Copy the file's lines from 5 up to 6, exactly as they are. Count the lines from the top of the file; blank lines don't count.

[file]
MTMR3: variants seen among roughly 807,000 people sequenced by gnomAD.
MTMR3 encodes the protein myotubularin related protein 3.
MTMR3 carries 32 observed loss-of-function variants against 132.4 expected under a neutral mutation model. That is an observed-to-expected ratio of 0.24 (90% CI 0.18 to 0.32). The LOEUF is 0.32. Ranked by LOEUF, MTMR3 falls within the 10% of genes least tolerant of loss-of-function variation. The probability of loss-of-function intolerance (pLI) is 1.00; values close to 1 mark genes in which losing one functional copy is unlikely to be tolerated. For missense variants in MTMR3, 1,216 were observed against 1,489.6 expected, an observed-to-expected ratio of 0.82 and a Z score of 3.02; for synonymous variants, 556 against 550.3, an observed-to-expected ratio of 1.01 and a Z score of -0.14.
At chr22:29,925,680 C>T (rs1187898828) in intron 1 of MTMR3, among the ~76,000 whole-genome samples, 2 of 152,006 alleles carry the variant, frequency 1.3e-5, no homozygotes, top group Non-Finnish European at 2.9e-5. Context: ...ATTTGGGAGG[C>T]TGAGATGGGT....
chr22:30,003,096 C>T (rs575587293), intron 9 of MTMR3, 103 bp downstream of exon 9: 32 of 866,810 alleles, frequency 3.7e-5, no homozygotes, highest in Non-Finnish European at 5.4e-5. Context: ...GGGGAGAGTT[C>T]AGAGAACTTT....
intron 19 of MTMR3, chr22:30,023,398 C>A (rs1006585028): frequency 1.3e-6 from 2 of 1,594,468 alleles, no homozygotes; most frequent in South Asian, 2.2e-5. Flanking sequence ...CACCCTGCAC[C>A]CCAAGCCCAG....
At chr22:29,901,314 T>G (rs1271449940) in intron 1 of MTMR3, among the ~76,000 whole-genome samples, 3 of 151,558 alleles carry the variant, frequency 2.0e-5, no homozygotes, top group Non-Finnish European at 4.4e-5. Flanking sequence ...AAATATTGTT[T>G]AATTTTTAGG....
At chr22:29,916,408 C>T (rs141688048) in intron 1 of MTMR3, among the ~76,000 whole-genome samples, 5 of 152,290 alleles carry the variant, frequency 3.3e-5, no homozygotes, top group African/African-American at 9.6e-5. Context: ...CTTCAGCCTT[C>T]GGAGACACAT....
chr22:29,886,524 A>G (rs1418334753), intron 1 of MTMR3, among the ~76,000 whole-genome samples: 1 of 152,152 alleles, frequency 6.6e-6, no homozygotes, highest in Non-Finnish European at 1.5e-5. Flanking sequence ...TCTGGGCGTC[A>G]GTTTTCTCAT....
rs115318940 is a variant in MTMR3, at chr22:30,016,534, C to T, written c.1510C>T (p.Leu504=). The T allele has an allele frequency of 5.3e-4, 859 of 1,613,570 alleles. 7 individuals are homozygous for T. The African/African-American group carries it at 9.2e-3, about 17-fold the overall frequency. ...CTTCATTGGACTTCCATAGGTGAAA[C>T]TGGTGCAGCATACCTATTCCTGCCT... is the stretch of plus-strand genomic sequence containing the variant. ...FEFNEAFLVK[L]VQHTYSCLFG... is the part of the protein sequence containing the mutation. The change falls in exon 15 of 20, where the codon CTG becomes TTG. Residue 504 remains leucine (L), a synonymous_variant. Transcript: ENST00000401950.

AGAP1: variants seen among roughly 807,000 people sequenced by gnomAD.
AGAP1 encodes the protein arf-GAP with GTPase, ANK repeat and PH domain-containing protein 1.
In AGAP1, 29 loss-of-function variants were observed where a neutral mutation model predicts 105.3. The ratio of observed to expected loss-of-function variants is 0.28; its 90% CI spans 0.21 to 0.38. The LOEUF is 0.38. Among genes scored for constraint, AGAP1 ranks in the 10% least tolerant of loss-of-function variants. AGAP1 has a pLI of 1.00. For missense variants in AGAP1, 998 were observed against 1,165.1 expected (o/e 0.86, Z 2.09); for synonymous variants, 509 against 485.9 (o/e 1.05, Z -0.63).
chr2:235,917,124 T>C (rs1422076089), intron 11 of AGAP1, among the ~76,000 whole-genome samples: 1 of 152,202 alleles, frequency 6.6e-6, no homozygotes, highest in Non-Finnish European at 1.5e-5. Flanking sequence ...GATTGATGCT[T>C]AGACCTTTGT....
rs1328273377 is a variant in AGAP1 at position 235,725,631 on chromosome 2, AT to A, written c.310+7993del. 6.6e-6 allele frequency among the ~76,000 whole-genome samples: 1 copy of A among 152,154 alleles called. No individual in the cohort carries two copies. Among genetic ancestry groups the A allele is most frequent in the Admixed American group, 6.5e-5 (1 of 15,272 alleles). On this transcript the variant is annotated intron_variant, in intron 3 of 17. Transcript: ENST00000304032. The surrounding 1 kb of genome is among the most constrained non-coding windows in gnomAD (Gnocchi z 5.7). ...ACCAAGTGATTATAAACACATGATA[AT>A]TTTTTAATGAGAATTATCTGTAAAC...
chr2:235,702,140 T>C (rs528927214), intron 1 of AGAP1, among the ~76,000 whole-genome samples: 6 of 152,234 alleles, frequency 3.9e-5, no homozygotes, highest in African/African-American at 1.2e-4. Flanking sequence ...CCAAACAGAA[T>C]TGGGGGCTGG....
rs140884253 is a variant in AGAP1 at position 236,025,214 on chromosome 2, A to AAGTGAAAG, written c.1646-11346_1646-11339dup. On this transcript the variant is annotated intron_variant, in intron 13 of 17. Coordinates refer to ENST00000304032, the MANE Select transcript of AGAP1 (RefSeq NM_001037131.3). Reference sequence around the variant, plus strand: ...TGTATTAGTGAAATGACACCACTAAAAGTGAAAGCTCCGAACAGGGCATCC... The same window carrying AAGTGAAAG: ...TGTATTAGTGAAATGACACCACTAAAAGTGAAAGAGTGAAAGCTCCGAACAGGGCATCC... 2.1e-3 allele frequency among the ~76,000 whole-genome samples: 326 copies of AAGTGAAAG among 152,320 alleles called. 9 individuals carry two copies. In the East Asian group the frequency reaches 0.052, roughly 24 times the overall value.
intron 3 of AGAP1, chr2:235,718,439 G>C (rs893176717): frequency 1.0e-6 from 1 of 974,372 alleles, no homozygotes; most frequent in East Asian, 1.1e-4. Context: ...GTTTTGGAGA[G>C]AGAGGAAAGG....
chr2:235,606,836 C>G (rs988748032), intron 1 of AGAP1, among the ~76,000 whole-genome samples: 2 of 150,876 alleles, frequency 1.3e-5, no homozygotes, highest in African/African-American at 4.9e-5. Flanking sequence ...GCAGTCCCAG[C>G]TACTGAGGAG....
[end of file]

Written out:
chr22:30,003,096 C>T (rs575587293), intron 9 of MTMR3, 103 bp downstream of exon 9: 32 of 866,810 alleles, frequency 3.7e-5, no homozygotes, highest in Non-Finnish European at 5.4e-5. Context: ...GGGGAGAGTT[C>T]AGAGAACTTT....
intron 19 of MTMR3, chr22:30,023,398 C>A (rs1006585028): frequency 1.3e-6 from 2 of 1,594,468 alleles, no homozygotes; most frequent in South Asian, 2.2e-5. Flanking sequence ...CACCCTGCAC[C>A]CCAAGCCCAG....